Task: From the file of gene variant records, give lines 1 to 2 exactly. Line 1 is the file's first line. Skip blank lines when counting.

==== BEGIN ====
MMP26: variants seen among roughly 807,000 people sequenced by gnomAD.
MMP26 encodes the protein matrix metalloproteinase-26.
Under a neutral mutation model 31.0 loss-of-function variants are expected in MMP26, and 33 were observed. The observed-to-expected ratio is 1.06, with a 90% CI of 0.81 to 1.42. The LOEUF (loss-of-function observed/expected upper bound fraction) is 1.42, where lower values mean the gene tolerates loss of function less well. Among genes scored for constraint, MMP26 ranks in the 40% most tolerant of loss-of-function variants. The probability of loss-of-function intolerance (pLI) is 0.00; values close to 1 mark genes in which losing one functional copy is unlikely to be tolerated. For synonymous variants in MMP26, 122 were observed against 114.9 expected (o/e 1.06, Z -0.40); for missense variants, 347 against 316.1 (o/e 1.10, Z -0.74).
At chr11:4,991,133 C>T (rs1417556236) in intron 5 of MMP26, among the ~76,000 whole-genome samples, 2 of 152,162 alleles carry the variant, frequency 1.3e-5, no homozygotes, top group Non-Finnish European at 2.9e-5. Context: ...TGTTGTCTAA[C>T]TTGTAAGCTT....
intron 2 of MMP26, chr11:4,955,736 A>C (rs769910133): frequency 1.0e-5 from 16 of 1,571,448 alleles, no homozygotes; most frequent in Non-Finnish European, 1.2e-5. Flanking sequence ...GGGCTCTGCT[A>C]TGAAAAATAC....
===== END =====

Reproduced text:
MMP26: variants seen among roughly 807,000 people sequenced by gnomAD.
MMP26 encodes the protein matrix metalloproteinase-26.